Factorize $(9+11\sqrt{-5})$ as a product of prime ideals in $\mathcal{O}_K$, where $K=\mathbb{Q}(\sqrt{-5})$.

The ring of integers in this case is $\mathbb{Z}[\sqrt{-5}]$.

I have calculated that the norm of $(9+11\sqrt{-5})$ is $686=2\times 7^3$ and therefore its prime factorization must contain a prime ideal of norm 2, and $(2,1+\sqrt{-5})$ has norm 2 and contains (hence divides) $(9+11\sqrt{-5})$. I don't know how to explicitly divide $(9+11\sqrt{-5})$ by $(2,1+\sqrt{-5})$. I don't know how to go further than this.

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    $\begingroup$ You could try to find an ideal $J$ of norm $7$, and see whether $(2,1+\sqrt{-5})J^3=(9+11\sqrt{-5})$. $\endgroup$ – Gerry Myerson Mar 4 '13 at 12:04
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    $\begingroup$ But be aware there are two prime ideals of norm $7$ ! $\endgroup$ – user18119 Mar 4 '13 at 15:13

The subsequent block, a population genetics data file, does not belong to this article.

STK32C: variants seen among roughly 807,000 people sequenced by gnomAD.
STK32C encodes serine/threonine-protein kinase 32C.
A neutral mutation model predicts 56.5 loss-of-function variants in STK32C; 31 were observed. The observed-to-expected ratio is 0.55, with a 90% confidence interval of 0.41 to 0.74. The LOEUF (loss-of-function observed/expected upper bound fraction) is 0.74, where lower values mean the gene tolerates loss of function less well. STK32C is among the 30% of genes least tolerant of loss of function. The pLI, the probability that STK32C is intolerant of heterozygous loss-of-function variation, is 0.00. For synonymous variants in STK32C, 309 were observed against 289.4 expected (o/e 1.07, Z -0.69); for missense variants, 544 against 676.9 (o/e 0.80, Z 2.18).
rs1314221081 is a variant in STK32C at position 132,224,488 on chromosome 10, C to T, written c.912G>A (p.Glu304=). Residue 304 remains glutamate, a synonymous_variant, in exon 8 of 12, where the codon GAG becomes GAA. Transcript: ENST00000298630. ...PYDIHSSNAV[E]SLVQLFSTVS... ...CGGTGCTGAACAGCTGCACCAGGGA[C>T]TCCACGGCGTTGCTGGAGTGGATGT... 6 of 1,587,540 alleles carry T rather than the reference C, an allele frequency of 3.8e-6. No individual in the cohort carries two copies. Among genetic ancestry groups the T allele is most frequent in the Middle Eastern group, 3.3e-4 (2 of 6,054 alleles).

We have $\mathbb Z[\sqrt{-5}]=\mathbb Z[X]/(X^2+5)$. Mod $7$, we have $X^2+5=(X+3)(X-3)$. So there are two primes in $\mathbb Z[\sqrt{-5}]$ above $7$: $\mathfrak q_1=(7, -3+\sqrt{-5})$ and $\mathfrak q_2=(7, 3+\sqrt{-5})$.

Note that $3(3-\sqrt{-5})=(9+11\sqrt{-5})-14\sqrt{-5}$. So $9+11\sqrt{-5}\in \mathfrak q_1$.

We have $9+11\sqrt{-5}\notin \mathfrak q_2$ because otherwise $8\sqrt{-5}=(9+11\sqrt{-5})-3(3+\sqrt{-5})\in \mathfrak q_2$. Hence, taking the norm, we find $64\times 5\in \mathfrak q_2\cap \mathbb Z=7\mathbb Z$. Contradiction.

Therefore the decomposition is $$(9+11\sqrt{-5})=(2, 1+\sqrt{-5})(7, -3+\sqrt{-5})^3.$$


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